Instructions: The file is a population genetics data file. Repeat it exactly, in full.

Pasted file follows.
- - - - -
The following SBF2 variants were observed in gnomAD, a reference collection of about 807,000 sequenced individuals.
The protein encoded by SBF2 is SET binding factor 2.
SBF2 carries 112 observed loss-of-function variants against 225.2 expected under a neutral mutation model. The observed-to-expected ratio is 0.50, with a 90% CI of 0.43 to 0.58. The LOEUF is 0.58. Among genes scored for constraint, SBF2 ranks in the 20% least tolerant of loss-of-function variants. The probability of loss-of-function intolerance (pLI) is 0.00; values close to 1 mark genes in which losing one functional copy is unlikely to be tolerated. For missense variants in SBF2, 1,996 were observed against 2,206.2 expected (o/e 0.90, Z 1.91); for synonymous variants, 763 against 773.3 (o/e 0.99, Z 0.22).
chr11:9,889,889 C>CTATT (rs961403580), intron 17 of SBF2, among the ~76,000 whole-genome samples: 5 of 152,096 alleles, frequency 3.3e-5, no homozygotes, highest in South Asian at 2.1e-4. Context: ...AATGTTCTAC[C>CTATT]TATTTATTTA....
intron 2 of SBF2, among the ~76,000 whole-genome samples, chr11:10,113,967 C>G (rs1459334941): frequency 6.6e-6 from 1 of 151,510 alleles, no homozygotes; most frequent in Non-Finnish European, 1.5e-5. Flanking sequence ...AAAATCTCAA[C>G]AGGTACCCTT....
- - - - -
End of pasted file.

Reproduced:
The following SBF2 variants were observed in gnomAD, a reference collection of about 807,000 sequenced individuals.
The protein encoded by SBF2 is SET binding factor 2.
SBF2 carries 112 observed loss-of-function variants against 225.2 expected under a neutral mutation model. The observed-to-expected ratio is 0.50, with a 90% CI of 0.43 to 0.58. The LOEUF is 0.58. Among genes scored for constraint, SBF2 ranks in the 20% least tolerant of loss-of-function variants. The probability of loss-of-function intolerance (pLI) is 0.00; values close to 1 mark genes in which losing one functional copy is unlikely to be tolerated. For missense variants in SBF2, 1,996 were observed against 2,206.2 expected (o/e 0.90, Z 1.91); for synonymous variants, 763 against 773.3 (o/e 0.99, Z 0.22).
chr11:9,889,889 C>CTATT (rs961403580), intron 17 of SBF2, among the ~76,000 whole-genome samples: 5 of 152,096 alleles, frequency 3.3e-5, no homozygotes, highest in South Asian at 2.1e-4. Context: ...AATGTTCTAC[C>CTATT]TATTTATTTA....
intron 2 of SBF2, among the ~76,000 whole-genome samples, chr11:10,113,967 C>G (rs1459334941): frequency 6.6e-6 from 1 of 151,510 alleles, no homozygotes; most frequent in Non-Finnish European, 1.5e-5. Flanking sequence ...AAAATCTCAA[C>G]AGGTACCCTT....